Plutarch's Lives: TIBERIUS GRACCHUS

Having completed the first two narratives, we now may proceed
to take a view of misfortunes, not less remarkable, in the
Roman couple, and with the lives of Agis and Cleomenes,
compare these of Tiberius and Caius.  They were the sons of
Tiberius Gracchus, who, though he had been once censor, twice
consul, and twice had triumphed, yet was more renowned and
esteemed for his virtue than his honors.  Upon this account,
after the death of Scipio who overthrew Hannibal, he was
thought worthy to match with his daughter Cornelia, though
there had been no friendship or familiarity between Scipio
and him, but rather the contrary.  There is a story told,
that he once found in his bedchamber a couple of snakes, and
that the soothsayers, being consulted concerning the prodigy,
advised, that he should neither kill them both nor let them
both escape; adding, that if the male serpent was killed,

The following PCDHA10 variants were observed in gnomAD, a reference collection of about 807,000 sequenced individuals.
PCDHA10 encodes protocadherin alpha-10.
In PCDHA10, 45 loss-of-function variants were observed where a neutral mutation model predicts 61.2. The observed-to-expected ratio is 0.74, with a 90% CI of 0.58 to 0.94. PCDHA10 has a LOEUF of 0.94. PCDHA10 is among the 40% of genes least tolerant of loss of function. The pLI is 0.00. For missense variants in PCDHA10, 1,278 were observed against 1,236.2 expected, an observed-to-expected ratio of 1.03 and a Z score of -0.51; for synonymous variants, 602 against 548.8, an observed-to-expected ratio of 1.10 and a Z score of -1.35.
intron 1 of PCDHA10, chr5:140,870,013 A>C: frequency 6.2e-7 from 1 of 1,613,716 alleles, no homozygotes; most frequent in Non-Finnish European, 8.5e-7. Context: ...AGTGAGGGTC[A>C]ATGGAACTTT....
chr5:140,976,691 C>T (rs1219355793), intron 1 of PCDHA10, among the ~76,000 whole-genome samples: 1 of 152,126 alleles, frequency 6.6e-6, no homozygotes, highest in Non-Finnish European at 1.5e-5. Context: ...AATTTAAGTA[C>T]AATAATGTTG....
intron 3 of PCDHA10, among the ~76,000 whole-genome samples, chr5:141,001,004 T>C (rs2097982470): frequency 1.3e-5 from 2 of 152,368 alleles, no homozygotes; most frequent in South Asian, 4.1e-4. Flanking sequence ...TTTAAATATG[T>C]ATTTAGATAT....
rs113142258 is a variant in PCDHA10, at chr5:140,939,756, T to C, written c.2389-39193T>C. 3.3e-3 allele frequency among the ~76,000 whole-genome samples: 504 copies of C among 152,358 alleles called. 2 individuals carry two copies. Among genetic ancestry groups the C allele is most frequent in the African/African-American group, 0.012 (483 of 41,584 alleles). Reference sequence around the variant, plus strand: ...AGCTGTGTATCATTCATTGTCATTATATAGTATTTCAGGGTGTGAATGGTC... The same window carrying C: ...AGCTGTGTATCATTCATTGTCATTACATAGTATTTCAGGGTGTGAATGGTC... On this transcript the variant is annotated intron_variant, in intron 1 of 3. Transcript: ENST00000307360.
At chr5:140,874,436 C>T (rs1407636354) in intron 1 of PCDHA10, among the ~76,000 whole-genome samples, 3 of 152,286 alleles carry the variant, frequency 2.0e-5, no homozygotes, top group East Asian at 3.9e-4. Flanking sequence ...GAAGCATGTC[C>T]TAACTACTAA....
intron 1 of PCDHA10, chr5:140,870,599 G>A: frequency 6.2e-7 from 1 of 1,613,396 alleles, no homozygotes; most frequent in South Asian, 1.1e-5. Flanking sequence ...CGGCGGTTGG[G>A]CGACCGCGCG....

Tiberius should die, and if the female, Cornelia.  And that,
therefore, Tiberius, who extremely loved his wife, and
thought, besides, that it was much more his part, who was an
old man, to die, than it was hers, who as yet was but a young
woman, killed the male serpent, and let the female escape;
and soon after himself died, leaving behind him twelve
children borne to him by Cornelia.

Cornelia, taking upon herself all the care of the household
and the education of her children, approved herself so
discreet a matron, so affectionate a mother, and so constant
and noble-spirited a widow, that Tiberius seemed to all men
to have done nothing unreasonable, in choosing to die for
such a woman; who, when king Ptolemy himself proffered her
his crown, and would have married her, refused it, and chose
rather to live a widow.  In this state she continued, and
lost all her children, except one daughter, who was married